A transformer supplying power to the load through the secondary winding experiences losses through magnetic iron losses that occur on laminated core and copper losses that happen due to windings resistance. The opposing forces inject resistance and reactance into the windings of the transformer, creating an impedance channel through which current output at the secondary, Is terminal must flow through.

From the diagram above, the secondary winding is made up of both reactance and resistance. The reactance and the resistance cause a voltage drop in the transformer winding which depends on the load current supplied and the effective impedance of the secondary windings.

Ohm’s law directs that

$V=IZ$

And this explains that an increase in the secondary winding current leads to an increase in the voltage drop in the transformer winding.

The impedance of the secondary winding is calculated by taking the sum of the phasor of both the leaked reactance, X, and resistance, R where a different voltage is a producer across each parameter.

Hence the secondary impedance is determined by:

$Impedance,Z=\sqrt{R^{2}+X^{2}}$

The secondary voltage with no load can be determined by:

$V_{S(no-load)}=E_{S}$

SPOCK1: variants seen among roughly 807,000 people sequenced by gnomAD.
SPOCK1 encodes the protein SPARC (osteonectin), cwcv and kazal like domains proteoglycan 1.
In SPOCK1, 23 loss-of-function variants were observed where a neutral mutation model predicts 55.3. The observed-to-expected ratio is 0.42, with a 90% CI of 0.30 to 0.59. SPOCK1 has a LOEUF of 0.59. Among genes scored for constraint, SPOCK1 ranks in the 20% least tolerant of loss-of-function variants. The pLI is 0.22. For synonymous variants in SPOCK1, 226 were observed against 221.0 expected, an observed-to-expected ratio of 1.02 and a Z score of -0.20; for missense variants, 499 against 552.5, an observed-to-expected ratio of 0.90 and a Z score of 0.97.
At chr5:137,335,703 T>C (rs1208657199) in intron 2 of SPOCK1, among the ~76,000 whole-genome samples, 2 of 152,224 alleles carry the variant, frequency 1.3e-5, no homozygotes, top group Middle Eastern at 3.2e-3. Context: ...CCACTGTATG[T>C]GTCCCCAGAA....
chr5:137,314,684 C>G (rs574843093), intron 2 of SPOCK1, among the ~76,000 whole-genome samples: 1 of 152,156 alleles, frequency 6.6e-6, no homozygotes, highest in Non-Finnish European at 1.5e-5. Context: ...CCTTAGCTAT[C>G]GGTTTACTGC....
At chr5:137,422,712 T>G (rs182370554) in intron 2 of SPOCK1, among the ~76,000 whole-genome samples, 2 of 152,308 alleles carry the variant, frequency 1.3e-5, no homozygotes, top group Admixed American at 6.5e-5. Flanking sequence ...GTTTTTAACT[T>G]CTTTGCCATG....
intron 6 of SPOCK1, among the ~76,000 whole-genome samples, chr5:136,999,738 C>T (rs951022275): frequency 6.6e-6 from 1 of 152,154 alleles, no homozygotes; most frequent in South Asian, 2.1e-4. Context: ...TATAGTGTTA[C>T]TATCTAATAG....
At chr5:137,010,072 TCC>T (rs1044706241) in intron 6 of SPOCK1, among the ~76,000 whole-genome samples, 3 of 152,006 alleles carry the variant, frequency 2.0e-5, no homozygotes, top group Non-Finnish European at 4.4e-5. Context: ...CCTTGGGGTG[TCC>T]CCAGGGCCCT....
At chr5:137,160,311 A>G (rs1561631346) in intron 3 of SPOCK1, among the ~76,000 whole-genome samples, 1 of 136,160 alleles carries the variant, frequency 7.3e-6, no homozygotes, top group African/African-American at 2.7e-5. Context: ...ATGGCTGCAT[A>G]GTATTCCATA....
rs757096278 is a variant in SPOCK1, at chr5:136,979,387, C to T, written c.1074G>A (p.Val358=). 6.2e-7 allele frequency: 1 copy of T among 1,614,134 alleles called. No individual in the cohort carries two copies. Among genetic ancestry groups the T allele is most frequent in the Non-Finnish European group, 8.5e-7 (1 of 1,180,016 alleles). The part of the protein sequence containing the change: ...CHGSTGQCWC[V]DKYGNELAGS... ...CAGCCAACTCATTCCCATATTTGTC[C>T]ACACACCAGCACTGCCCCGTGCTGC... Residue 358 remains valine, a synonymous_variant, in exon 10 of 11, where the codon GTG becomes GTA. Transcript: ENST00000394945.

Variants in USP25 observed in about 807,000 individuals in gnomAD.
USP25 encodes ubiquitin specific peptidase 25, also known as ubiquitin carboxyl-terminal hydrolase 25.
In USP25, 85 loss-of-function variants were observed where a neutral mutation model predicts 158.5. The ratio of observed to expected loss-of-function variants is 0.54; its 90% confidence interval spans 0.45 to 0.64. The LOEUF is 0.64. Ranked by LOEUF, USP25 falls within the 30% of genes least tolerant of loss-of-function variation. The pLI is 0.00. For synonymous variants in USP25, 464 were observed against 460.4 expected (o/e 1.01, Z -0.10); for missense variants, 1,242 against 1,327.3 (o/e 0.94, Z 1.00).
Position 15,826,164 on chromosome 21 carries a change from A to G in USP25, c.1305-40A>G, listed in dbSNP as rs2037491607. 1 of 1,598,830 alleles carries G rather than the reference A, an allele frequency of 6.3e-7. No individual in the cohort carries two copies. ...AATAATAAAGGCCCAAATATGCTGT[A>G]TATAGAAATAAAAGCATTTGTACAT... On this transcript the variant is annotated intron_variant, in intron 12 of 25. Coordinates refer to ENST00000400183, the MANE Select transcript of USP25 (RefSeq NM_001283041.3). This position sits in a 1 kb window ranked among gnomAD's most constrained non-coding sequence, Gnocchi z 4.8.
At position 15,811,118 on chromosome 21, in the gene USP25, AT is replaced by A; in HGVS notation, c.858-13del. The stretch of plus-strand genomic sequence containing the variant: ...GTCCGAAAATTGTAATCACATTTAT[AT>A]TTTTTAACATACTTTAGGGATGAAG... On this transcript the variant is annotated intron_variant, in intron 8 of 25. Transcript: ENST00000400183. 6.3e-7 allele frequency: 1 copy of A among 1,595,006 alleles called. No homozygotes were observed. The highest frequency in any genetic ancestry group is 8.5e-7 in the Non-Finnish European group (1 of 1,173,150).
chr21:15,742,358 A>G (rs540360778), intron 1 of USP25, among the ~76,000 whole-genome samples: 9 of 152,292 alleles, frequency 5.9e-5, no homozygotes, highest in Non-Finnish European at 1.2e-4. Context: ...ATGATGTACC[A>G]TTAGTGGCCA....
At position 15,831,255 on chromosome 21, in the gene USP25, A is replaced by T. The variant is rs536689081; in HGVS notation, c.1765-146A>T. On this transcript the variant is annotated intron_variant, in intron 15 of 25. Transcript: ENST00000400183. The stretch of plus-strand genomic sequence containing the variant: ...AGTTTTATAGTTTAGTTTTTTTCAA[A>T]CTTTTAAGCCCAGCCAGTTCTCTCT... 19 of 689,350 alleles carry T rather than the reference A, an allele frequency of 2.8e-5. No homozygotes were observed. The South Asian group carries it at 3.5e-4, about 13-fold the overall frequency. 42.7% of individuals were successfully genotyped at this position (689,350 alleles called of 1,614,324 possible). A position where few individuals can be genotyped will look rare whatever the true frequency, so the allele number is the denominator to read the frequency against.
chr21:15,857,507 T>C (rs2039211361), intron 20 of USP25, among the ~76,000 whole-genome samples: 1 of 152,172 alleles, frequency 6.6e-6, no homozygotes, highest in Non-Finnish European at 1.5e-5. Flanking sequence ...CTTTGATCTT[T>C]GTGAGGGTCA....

At full load, the secondary winding voltage can be computed as

$V_{S(full-load)}=E_{S}-I_{S}R-I_{S}X$

Or

$V_{S(full-load)}=E_{S}-I_{S}(R+jX)$

Therefore,

$V_{S(full-load)}=E_{S}-I_{S}Z$

From the equations above, it is notably identified that the winding of a transformer is made up of the resistance which is in series with the reactance and the load current remains common to both the parameters. For resistance, the current and voltage are in phase and the voltage drop across this resistor which is determined by ISR should be in phase with the transformer secondary current determined by IS.

For the inductor, the current in the transformer lags by 90 degrees with the voltage across the inductor being determined by ISX and a phasor-angle of φL.

The phasor angle can be calculated by:

$cosφ_{R}=\frac{R}{Z}$

Rearranging

$R=Zcosφ_{R}$

And

$sinφ_{X}=\frac{X}{Z}$

Therefore,

$X=Zsinφ_{X}$

$Zcosφ=Z(cosφ_{R}\times cosφ_{X}+sinφ_{R}+sinφ_{X})$

On simplification: